When a new treasure house and building for ceremonies was constructed in 1971 at Matsuo-taisha in Kyoto, which dates back to 701 and is among Japan's oldest shrines, one of the most influential landscape designers of his day, the largely self-taught master Mirei Shigemori, was commissioned to create a series of gardens on the site.

Shigemori (1896-1975) frequently used the term "eternal modern" to represent his ideas and to define the aesthetic sense that qualifies much of his work. The expression, he explained, referred to his concept of the balancing of beauty; a parity between the classical and contemporary. Nowhere is the application of this term more evident than at Matsuo-taisha, where Shigemori was able to synergize tradition and modernity.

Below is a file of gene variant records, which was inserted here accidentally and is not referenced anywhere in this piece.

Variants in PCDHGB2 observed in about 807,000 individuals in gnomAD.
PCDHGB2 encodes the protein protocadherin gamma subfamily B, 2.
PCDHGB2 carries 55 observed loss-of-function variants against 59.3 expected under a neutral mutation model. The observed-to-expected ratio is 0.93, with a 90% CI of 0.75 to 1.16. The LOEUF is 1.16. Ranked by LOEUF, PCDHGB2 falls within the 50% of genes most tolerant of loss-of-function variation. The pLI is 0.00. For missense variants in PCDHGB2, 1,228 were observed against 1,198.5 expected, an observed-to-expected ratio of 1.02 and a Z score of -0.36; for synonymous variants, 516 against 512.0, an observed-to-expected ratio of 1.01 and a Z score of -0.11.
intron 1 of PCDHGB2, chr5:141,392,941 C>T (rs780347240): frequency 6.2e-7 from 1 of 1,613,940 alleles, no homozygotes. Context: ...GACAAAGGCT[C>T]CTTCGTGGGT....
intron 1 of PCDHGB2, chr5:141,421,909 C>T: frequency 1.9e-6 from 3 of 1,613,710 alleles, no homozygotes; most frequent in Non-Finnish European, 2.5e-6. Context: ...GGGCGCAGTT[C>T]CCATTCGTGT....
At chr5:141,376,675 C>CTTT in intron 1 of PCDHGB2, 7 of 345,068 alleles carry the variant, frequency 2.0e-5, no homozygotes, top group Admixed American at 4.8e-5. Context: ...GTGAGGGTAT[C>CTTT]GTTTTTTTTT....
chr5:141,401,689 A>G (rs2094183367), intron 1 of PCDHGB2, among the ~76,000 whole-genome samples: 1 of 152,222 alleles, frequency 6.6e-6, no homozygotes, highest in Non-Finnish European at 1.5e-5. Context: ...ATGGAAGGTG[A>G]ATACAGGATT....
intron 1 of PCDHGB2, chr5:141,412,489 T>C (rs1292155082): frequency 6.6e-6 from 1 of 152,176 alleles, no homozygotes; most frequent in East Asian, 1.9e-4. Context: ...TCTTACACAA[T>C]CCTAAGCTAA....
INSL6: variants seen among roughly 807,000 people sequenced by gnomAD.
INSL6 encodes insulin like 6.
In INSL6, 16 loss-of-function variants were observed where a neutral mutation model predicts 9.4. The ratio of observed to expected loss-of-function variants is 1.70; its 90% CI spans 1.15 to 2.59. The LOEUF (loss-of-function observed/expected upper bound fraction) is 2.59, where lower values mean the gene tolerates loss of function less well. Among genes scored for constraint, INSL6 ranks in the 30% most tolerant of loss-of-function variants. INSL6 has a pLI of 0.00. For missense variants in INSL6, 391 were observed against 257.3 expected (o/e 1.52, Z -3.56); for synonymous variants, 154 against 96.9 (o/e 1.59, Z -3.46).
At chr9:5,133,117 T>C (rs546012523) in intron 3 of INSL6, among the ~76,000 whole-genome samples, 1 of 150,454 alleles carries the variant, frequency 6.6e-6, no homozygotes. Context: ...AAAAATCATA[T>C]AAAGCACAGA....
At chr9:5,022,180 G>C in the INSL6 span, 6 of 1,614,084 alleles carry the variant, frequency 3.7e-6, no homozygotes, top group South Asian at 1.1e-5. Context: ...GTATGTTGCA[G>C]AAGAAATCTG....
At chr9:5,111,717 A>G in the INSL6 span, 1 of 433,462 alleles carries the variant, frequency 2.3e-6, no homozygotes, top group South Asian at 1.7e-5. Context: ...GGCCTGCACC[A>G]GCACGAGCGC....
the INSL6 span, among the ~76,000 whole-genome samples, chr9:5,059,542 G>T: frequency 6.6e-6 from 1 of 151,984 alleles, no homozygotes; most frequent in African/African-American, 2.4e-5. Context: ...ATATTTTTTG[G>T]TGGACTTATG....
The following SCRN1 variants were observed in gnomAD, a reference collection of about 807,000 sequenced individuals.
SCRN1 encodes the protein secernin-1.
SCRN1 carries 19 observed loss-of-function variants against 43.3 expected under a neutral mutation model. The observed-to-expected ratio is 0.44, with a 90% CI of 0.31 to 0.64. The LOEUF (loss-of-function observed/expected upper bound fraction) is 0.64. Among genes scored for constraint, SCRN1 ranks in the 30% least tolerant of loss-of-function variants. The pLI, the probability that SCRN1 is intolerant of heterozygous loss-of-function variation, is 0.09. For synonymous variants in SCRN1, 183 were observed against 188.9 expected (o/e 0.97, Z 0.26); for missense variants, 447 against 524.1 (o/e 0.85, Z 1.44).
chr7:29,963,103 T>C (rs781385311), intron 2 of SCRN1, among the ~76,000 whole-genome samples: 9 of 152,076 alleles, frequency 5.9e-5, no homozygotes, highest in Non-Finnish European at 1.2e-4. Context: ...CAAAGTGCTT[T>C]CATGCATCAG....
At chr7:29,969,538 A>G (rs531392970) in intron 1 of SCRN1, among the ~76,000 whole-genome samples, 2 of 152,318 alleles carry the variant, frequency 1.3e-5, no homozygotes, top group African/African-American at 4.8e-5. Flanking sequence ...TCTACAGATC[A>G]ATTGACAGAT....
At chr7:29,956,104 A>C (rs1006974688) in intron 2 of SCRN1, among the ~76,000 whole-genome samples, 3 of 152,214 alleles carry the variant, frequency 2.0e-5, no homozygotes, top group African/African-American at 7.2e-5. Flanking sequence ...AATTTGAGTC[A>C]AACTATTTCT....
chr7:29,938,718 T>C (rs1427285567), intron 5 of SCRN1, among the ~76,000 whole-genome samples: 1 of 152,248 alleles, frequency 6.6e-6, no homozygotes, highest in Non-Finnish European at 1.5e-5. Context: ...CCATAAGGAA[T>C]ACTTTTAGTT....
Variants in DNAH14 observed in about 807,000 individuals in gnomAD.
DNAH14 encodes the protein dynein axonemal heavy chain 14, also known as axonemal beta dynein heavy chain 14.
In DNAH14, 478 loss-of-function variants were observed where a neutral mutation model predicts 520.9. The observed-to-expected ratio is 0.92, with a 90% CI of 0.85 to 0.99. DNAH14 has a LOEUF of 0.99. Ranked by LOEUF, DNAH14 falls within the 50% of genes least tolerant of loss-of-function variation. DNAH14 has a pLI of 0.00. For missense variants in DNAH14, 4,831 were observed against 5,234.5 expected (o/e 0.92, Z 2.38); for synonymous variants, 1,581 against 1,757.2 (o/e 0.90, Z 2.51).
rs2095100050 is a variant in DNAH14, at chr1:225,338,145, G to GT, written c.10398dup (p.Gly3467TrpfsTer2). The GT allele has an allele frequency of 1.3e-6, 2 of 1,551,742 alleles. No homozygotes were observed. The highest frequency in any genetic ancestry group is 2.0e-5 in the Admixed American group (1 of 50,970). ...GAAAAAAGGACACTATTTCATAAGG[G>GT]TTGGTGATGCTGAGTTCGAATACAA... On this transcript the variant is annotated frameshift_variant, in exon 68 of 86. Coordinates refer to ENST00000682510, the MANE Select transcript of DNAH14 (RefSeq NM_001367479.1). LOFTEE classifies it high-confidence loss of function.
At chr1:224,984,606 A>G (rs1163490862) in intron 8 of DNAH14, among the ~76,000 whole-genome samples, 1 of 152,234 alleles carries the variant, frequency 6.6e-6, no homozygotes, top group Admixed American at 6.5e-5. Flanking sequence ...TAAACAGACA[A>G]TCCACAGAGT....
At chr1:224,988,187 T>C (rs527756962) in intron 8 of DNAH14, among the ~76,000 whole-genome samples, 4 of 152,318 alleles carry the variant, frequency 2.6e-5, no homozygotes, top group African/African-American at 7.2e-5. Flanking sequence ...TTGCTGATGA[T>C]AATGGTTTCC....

Growing up in a hamlet in a rural area of Okayama Prefecture in western Honshu, Mirei spent much time in the nearby town of Kibichuo, especially in the grounds of Yoshikawa Hachimangu Shrine, a rustic building founded in 1096 that emanates a markedly refined sense of beauty and proportion — a structure, in fact, that is replete with the temporal-spatial details that would influence his own aesthetic sense.